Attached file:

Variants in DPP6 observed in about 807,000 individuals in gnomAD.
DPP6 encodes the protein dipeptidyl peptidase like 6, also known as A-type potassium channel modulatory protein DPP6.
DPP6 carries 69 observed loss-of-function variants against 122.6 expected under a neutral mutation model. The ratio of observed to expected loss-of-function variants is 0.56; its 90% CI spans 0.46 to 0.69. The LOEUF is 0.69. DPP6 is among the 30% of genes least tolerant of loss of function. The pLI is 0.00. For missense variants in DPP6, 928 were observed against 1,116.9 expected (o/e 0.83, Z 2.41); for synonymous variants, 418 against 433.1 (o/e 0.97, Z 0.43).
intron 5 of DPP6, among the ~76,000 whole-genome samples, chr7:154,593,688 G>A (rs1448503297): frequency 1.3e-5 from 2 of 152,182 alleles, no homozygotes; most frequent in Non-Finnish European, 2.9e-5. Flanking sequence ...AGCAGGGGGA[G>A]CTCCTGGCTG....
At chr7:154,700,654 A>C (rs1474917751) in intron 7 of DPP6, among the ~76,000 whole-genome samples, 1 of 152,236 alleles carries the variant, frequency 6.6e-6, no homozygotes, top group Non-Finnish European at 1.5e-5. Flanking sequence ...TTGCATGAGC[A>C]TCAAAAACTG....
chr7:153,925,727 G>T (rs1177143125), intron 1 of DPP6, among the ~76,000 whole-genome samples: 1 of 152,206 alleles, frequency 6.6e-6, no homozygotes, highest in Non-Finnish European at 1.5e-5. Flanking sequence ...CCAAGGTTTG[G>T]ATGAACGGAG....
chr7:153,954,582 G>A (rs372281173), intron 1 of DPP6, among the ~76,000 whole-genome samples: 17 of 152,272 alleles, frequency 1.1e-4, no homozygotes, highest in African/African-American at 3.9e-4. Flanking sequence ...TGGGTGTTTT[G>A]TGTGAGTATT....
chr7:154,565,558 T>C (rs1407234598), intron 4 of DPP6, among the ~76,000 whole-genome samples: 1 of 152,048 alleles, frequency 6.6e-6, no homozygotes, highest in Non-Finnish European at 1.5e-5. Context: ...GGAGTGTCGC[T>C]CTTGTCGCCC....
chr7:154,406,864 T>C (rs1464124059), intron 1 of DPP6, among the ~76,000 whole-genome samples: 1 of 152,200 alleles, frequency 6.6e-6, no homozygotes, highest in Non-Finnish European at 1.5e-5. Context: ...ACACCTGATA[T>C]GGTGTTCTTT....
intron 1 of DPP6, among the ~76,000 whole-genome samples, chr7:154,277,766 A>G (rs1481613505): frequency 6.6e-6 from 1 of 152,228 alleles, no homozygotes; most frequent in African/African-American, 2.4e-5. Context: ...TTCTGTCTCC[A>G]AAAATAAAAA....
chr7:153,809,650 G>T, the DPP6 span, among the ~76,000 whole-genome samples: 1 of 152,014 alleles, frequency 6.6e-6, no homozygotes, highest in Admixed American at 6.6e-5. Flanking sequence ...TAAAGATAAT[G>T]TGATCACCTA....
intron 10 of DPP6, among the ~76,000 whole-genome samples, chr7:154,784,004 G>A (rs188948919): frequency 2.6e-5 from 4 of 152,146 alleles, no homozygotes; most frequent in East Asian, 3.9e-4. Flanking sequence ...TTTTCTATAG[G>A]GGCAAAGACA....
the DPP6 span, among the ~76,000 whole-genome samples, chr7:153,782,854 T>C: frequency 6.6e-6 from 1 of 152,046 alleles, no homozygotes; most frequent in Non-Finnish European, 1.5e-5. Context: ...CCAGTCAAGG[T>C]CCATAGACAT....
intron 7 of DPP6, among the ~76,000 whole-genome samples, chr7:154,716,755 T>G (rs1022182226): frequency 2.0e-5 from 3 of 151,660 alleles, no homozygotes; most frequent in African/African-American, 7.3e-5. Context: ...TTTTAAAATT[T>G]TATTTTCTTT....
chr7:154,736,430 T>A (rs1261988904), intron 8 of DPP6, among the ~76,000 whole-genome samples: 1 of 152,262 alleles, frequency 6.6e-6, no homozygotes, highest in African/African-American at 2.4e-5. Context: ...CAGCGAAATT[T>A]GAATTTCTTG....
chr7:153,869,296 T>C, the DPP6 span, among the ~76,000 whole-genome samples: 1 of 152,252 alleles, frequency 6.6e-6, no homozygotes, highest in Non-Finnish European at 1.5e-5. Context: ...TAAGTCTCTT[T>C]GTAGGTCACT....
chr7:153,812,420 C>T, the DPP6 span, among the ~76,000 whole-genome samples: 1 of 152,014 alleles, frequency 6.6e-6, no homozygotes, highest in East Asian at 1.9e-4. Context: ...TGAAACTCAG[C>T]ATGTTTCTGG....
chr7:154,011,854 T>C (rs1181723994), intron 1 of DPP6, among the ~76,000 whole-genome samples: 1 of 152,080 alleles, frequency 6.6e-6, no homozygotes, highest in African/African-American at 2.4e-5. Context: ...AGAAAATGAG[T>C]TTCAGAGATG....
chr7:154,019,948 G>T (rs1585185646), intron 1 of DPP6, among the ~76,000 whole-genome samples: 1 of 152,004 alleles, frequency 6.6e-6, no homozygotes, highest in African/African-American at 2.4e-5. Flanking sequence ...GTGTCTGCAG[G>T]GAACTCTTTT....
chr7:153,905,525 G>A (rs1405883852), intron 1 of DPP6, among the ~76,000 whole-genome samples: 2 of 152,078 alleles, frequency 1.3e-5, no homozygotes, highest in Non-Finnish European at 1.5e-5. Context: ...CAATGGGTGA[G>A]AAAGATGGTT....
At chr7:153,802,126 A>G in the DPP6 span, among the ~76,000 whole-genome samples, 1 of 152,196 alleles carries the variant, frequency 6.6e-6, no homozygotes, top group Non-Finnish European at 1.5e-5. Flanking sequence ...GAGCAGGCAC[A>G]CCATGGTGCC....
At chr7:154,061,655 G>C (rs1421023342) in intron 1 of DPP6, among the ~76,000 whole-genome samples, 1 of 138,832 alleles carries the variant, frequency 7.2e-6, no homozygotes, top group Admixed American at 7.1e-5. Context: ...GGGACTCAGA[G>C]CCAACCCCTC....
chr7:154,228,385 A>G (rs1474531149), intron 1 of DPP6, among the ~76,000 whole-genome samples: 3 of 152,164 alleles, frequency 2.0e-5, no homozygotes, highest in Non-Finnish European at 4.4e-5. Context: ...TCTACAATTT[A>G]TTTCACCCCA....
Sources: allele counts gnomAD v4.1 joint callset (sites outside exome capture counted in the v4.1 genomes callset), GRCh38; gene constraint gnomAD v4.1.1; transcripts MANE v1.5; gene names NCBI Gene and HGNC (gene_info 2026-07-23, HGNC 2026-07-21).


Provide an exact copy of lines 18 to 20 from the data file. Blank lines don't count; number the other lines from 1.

chr7:154,011,854 T>C (rs1181723994), intron 1 of DPP6, among the ~76,000 whole-genome samples: 1 of 152,080 alleles, frequency 6.6e-6, no homozygotes, highest in African/African-American at 2.4e-5. Context: ...AGAAAATGAG[T>C]TTCAGAGATG....
chr7:154,019,948 G>T (rs1585185646), intron 1 of DPP6, among the ~76,000 whole-genome samples: 1 of 152,004 alleles, frequency 6.6e-6, no homozygotes, highest in African/African-American at 2.4e-5. Flanking sequence ...GTGTCTGCAG[G>T]GAACTCTTTT....
chr7:153,905,525 G>A (rs1405883852), intron 1 of DPP6, among the ~76,000 whole-genome samples: 2 of 152,078 alleles, frequency 1.3e-5, no homozygotes, highest in Non-Finnish European at 1.5e-5. Context: ...CAATGGGTGA[G>A]AAAGATGGTT....